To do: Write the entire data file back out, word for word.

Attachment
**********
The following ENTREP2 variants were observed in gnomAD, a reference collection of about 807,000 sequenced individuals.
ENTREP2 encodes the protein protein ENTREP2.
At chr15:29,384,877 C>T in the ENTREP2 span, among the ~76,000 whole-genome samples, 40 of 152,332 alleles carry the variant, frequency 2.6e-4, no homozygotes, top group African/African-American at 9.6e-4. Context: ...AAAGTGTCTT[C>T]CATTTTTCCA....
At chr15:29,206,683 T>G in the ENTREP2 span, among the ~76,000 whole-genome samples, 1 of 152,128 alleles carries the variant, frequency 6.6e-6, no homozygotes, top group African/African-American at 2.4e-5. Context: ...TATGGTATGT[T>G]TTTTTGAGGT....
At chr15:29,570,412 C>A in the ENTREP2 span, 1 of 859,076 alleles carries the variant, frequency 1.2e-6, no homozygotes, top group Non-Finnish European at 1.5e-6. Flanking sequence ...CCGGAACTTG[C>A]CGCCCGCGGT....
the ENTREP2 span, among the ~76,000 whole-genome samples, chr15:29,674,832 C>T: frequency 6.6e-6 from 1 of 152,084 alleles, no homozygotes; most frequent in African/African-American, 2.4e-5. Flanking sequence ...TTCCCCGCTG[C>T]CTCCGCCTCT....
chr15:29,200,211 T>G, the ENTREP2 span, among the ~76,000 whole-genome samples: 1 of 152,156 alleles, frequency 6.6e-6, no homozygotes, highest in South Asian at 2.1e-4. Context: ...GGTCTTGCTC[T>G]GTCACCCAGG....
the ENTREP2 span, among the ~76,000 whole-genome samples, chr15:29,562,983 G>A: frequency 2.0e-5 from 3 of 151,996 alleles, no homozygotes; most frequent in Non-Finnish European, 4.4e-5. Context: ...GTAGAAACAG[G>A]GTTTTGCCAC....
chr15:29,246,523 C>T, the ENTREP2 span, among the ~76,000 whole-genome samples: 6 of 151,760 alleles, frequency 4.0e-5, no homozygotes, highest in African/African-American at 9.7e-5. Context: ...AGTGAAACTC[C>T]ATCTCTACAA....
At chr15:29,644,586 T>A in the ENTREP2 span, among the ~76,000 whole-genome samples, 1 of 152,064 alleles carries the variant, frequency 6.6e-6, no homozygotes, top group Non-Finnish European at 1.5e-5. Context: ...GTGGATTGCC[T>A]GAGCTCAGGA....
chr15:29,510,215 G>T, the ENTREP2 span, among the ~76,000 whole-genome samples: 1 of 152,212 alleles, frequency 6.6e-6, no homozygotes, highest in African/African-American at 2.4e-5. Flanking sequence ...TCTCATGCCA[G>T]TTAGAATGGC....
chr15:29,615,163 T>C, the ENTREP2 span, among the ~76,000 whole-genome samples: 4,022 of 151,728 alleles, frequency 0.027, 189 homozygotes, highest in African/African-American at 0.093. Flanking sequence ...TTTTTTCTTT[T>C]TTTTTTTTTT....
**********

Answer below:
The following ENTREP2 variants were observed in gnomAD, a reference collection of about 807,000 sequenced individuals.
ENTREP2 encodes the protein protein ENTREP2.
At chr15:29,384,877 C>T in the ENTREP2 span, among the ~76,000 whole-genome samples, 40 of 152,332 alleles carry the variant, frequency 2.6e-4, no homozygotes, top group African/African-American at 9.6e-4. Context: ...AAAGTGTCTT[C>T]CATTTTTCCA....
At chr15:29,206,683 T>G in the ENTREP2 span, among the ~76,000 whole-genome samples, 1 of 152,128 alleles carries the variant, frequency 6.6e-6, no homozygotes, top group African/African-American at 2.4e-5. Context: ...TATGGTATGT[T>G]TTTTTGAGGT....
At chr15:29,570,412 C>A in the ENTREP2 span, 1 of 859,076 alleles carries the variant, frequency 1.2e-6, no homozygotes, top group Non-Finnish European at 1.5e-6. Flanking sequence ...CCGGAACTTG[C>A]CGCCCGCGGT....
the ENTREP2 span, among the ~76,000 whole-genome samples, chr15:29,674,832 C>T: frequency 6.6e-6 from 1 of 152,084 alleles, no homozygotes; most frequent in African/African-American, 2.4e-5. Flanking sequence ...TTCCCCGCTG[C>T]CTCCGCCTCT....
chr15:29,200,211 T>G, the ENTREP2 span, among the ~76,000 whole-genome samples: 1 of 152,156 alleles, frequency 6.6e-6, no homozygotes, highest in South Asian at 2.1e-4. Context: ...GGTCTTGCTC[T>G]GTCACCCAGG....
the ENTREP2 span, among the ~76,000 whole-genome samples, chr15:29,562,983 G>A: frequency 2.0e-5 from 3 of 151,996 alleles, no homozygotes; most frequent in Non-Finnish European, 4.4e-5. Context: ...GTAGAAACAG[G>A]GTTTTGCCAC....
chr15:29,246,523 C>T, the ENTREP2 span, among the ~76,000 whole-genome samples: 6 of 151,760 alleles, frequency 4.0e-5, no homozygotes, highest in African/African-American at 9.7e-5. Context: ...AGTGAAACTC[C>T]ATCTCTACAA....
At chr15:29,644,586 T>A in the ENTREP2 span, among the ~76,000 whole-genome samples, 1 of 152,064 alleles carries the variant, frequency 6.6e-6, no homozygotes, top group Non-Finnish European at 1.5e-5. Context: ...GTGGATTGCC[T>A]GAGCTCAGGA....
chr15:29,510,215 G>T, the ENTREP2 span, among the ~76,000 whole-genome samples: 1 of 152,212 alleles, frequency 6.6e-6, no homozygotes, highest in African/African-American at 2.4e-5. Flanking sequence ...TCTCATGCCA[G>T]TTAGAATGGC....
chr15:29,615,163 T>C, the ENTREP2 span, among the ~76,000 whole-genome samples: 4,022 of 151,728 alleles, frequency 0.027, 189 homozygotes, highest in African/African-American at 0.093. Flanking sequence ...TTTTTTCTTT[T>C]TTTTTTTTTT....